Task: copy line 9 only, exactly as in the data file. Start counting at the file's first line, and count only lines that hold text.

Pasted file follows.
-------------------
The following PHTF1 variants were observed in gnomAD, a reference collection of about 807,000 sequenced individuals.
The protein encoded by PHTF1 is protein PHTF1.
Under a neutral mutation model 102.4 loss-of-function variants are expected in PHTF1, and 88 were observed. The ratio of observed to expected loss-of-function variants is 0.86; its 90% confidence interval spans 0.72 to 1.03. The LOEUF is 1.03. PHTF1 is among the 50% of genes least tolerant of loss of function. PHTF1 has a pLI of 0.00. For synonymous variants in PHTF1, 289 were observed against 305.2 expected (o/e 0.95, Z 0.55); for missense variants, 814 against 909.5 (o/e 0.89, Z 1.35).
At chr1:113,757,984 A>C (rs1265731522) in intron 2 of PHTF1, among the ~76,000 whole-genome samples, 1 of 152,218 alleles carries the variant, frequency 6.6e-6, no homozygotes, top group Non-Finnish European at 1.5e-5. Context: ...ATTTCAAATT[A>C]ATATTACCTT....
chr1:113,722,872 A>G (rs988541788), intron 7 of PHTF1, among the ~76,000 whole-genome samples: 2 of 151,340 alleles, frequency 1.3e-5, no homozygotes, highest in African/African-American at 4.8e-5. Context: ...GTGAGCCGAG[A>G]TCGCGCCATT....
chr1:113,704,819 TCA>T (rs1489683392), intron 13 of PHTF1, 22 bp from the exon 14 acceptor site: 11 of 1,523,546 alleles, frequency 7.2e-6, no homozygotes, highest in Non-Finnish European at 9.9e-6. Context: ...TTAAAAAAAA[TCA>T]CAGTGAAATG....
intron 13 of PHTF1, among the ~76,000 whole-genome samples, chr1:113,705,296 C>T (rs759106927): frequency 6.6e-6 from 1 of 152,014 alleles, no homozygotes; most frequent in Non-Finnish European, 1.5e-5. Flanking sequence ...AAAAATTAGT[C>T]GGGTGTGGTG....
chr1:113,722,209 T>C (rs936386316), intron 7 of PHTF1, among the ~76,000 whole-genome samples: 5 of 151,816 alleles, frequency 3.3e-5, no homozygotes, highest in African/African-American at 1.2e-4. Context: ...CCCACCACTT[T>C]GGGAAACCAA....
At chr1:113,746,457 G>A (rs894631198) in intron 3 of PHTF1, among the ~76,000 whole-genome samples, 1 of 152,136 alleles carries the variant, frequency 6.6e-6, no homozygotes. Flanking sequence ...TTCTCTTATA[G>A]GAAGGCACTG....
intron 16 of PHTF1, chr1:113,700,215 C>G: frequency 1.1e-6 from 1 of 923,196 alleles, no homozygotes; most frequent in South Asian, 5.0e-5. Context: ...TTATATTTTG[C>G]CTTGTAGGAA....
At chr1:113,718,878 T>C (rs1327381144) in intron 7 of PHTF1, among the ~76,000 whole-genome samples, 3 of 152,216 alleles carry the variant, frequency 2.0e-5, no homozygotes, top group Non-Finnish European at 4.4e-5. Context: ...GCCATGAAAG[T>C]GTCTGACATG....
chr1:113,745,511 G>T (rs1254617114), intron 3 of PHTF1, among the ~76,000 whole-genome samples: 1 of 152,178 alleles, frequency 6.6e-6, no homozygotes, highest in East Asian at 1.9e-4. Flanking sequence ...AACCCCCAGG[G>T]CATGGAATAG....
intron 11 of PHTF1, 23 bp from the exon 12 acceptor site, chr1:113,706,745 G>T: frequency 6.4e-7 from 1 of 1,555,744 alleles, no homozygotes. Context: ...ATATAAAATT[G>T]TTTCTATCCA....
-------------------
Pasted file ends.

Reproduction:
At chr1:113,746,457 G>A (rs894631198) in intron 3 of PHTF1, among the ~76,000 whole-genome samples, 1 of 152,136 alleles carries the variant, frequency 6.6e-6, no homozygotes. Flanking sequence ...TTCTCTTATA[G>A]GAAGGCACTG....